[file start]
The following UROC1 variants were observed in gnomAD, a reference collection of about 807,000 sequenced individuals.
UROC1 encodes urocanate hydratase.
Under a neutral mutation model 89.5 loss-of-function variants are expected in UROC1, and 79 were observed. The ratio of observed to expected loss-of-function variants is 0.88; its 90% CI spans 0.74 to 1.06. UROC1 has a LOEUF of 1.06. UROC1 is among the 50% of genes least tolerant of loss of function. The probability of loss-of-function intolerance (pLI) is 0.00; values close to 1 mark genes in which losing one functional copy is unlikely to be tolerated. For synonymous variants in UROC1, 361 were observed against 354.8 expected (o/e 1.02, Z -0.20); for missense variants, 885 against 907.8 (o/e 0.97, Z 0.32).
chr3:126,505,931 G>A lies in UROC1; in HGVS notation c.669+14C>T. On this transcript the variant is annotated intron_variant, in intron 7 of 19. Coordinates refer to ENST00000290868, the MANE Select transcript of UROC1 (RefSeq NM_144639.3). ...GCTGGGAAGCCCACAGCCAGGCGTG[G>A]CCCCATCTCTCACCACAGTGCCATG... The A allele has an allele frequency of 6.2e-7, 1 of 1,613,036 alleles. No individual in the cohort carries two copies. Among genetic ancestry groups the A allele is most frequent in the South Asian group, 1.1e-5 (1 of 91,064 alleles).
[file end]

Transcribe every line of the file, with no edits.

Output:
The following UROC1 variants were observed in gnomAD, a reference collection of about 807,000 sequenced individuals.
UROC1 encodes urocanate hydratase.
Under a neutral mutation model 89.5 loss-of-function variants are expected in UROC1, and 79 were observed. The ratio of observed to expected loss-of-function variants is 0.88; its 90% CI spans 0.74 to 1.06. UROC1 has a LOEUF of 1.06. UROC1 is among the 50% of genes least tolerant of loss of function. The probability of loss-of-function intolerance (pLI) is 0.00; values close to 1 mark genes in which losing one functional copy is unlikely to be tolerated. For synonymous variants in UROC1, 361 were observed against 354.8 expected (o/e 1.02, Z -0.20); for missense variants, 885 against 907.8 (o/e 0.97, Z 0.32).
chr3:126,505,931 G>A lies in UROC1; in HGVS notation c.669+14C>T. On this transcript the variant is annotated intron_variant, in intron 7 of 19. Coordinates refer to ENST00000290868, the MANE Select transcript of UROC1 (RefSeq NM_144639.3). ...GCTGGGAAGCCCACAGCCAGGCGTG[G>A]CCCCATCTCTCACCACAGTGCCATG... The A allele has an allele frequency of 6.2e-7, 1 of 1,613,036 alleles. No individual in the cohort carries two copies. Among genetic ancestry groups the A allele is most frequent in the South Asian group, 1.1e-5 (1 of 91,064 alleles).